The International Olympic Committee on Thursday declared Russia’s “magnificent” Olympic venues in Sochi were ready for the 2014 Winter Games, adding that Russia’s recent ban on homosexual “propaganda” did not violate the Olympic charter.
“Everything is really magnificent,” said IOC coordination committee chairman Jean-Claude Killy at the committee’s final conference before the grand sports event kicks off in the southern resort city on February 7.
“Sochi is not late by any means,” the French ex-skier said, adding that only “details” remain to be completed and calling on organisers to “use every hour that remains.”
Killy also dismissed concerns about Russia’s controversial law banning so-called “gay propaganda”, which punishes people for disseminating information about homosexuality to minors.
The law was discussed for a long time, but in the end the Russian authorities assured the IOC that there would be “no segregation” on the Olympic territory, said Killy.
“As long as the Olympic Charter is respected, we are satisfied,” said the renowned Frenchman, who won three downhill skiing gold medals at the 1968 Winter Olympics.
Killy also noted that the IOC “is not supposed to discuss the laws” of a particular country where Games are held.
Russian Deputy Prime Minister Dmitry Kozak argued that the law “received excessive attention” and insisted there would be no discrimination at the Games.
But Kozak also warned that both homosexuals and heterosexuals, whom he referred to as “people with traditional orientation”, could face prosecution if the law was broken.
“If people with traditional orientation propagate non-traditional sex among minors, they will also be held responsible, so one cannot talk about discrimination here,” Kozak said.
Foreigners found guilty of violating the law face fines and the possibility of being placed under administrative arrest from up to 15 days, with their subsequent deportation.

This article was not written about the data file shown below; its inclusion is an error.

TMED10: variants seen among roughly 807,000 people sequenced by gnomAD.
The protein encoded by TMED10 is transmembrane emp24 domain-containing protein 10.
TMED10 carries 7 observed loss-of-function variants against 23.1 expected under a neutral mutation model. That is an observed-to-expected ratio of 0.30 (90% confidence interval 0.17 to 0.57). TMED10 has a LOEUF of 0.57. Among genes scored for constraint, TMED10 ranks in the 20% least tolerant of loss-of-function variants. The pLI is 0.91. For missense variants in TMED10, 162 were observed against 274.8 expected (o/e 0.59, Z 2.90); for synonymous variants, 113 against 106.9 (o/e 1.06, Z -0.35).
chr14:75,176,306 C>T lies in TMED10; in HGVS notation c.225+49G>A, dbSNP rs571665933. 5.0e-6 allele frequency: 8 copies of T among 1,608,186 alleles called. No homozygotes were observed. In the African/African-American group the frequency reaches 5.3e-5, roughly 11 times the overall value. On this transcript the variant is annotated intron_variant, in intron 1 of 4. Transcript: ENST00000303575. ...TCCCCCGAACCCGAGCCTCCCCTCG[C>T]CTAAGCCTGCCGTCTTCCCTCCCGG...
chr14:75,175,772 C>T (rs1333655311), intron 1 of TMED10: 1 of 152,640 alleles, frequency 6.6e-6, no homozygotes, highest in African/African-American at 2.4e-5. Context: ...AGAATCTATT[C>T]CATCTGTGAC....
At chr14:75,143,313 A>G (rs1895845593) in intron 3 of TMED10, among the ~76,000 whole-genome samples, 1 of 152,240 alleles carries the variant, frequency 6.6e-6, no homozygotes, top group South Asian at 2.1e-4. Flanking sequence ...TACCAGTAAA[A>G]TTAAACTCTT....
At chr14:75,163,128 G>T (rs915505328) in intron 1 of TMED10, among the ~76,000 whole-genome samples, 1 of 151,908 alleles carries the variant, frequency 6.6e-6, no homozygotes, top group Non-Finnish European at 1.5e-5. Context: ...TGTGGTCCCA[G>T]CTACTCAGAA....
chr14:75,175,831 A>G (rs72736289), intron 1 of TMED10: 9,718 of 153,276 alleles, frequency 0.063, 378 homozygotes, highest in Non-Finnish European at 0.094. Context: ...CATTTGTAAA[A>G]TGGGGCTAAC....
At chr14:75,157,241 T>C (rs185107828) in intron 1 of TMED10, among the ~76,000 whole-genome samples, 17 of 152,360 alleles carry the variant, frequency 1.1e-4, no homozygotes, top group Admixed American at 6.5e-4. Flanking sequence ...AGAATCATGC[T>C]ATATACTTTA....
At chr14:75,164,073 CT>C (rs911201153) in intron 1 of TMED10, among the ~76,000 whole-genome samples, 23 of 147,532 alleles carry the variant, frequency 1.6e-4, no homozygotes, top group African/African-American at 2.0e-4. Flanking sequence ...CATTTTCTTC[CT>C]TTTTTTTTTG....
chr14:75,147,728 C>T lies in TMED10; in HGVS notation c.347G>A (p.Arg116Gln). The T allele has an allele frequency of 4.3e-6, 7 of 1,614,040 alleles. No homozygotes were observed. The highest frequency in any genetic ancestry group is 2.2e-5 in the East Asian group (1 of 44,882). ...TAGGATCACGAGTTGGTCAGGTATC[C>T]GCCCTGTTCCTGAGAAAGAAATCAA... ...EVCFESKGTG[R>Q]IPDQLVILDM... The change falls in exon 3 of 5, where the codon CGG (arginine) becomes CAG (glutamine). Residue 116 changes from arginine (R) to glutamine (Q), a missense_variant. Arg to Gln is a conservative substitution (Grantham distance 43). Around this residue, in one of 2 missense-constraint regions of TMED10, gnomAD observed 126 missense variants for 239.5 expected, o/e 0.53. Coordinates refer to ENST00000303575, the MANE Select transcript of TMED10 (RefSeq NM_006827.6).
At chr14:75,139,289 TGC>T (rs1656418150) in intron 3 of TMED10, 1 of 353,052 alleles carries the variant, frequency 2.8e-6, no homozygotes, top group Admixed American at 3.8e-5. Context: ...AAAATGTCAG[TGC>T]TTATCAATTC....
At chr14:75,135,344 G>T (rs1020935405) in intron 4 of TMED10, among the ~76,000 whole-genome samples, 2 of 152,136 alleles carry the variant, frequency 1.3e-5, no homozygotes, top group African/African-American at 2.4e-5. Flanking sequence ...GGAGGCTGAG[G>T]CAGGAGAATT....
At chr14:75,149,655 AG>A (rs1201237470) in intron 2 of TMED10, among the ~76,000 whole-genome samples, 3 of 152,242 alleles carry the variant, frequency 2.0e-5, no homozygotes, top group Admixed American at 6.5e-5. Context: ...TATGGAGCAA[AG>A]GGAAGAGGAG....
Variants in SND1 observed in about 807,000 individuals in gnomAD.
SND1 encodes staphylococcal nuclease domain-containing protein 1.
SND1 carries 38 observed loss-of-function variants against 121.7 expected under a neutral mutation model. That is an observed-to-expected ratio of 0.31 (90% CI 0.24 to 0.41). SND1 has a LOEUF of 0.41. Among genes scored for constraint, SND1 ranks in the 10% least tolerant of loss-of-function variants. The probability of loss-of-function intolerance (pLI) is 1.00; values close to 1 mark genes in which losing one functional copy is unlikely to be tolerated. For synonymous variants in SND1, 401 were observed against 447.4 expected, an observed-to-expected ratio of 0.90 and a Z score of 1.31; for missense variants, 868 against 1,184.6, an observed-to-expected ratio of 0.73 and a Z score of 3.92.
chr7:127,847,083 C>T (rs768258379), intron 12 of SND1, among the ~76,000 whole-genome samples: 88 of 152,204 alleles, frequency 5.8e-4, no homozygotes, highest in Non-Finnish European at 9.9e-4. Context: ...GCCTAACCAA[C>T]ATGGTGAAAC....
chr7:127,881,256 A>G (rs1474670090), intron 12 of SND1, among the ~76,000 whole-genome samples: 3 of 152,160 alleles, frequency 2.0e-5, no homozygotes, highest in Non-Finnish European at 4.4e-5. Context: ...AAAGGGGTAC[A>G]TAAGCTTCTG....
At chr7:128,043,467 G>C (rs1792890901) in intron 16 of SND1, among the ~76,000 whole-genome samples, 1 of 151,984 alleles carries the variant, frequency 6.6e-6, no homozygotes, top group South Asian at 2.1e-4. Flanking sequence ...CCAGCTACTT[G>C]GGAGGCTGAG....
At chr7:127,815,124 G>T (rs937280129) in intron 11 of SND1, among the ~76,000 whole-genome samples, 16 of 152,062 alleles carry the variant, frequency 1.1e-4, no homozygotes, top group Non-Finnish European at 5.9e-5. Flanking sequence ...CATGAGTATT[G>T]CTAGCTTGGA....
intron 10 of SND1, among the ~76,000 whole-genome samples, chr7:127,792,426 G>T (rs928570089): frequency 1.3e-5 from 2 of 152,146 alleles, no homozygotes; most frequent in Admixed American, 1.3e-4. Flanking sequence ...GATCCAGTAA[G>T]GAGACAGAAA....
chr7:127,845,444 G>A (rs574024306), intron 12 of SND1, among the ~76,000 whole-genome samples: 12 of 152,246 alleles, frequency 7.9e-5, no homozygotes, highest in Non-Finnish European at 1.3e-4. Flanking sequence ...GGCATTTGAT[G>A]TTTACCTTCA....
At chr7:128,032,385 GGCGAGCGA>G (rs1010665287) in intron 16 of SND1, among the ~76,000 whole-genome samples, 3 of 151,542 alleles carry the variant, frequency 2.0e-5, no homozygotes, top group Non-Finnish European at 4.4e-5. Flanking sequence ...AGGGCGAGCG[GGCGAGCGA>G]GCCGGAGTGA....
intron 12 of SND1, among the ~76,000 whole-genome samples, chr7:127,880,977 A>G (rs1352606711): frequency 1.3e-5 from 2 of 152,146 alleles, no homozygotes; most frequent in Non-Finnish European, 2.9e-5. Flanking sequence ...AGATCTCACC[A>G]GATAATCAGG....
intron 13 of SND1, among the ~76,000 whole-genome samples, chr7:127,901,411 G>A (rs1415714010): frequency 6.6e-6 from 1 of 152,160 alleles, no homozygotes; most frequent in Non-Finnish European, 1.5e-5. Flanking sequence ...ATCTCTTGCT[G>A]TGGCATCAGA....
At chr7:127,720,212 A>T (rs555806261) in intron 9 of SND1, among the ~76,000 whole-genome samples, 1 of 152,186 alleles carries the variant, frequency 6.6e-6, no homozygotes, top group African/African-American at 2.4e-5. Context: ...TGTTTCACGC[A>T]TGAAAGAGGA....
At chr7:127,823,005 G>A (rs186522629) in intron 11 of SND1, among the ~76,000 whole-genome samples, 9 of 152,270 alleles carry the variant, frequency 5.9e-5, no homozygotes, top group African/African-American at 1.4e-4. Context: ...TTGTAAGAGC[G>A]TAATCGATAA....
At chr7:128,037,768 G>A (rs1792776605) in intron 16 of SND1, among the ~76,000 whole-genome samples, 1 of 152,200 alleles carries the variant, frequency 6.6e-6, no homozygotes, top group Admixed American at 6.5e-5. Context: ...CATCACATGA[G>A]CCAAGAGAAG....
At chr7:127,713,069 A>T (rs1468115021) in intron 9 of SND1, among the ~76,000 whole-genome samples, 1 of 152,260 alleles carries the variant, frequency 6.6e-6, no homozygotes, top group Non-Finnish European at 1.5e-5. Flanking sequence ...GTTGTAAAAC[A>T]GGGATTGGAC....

The law has sparked US boycotts of Russian vodka, criticism from pop stars such as Madonna, and a vocal Internet campaign for Russia to be stripped of its right to host the Games.
Sochi Organising Committee head Dmitry Chernyshenko also denied reports that the law caused the celebrity singer Cher to turn down the invitation to perform at the opening ceremony in Sochi.
“We don’t know anything about Cher’s intentions to come here,” he said.
“The Sochi Organising Committee… was not planning to invite this popular singer.”
Kozak echoed the IOC’s enthusiasm for the preparations, saying “Russia… has met all of its obligations.”
“Today we can confidently say that all of the responsibilities have been met, all doubts have been rejected, and there are no problems with the city infrastructure and modernisation of the whole city,” he said.
Addressing another frequent criticism, Killy said he was not particularly concerned by the vast amount of money spent on the event, which he said was comparable to other Winter Games.
“The operating budget for the Olympic Games is almost the same as the operating budget of the (2010) Games in Vancouver,” he said.
Officials have reported spending more than $50 billion of state and corporate money on infrastructure improvements in Sochi and the surrounding area over the past five years, a record for any Games.
But Kozak said that Olympic-related expenditures amount to just seven billion dollars.
Killy’s visit came as torrential rain battered Sochi, swelling rivers and submerging some of the new roads built around the southern resort, whose selection following a strong lobbying effort by Russian President Vladimir Putin came as a big surprise.
Earlier this week, Sochi’s main airport appealed on travellers to select train service to city, while local authorities cancelled school Wednesday.
A flood sirens went off in many neighbourhoods, while several homes in northern Sochi were briefly evacuated.
The “historical” downpour served as “a fantastic test” for the infrastructure, Killy said of the weather conditions.
“No damage, nowhere, whatsoever,” he said.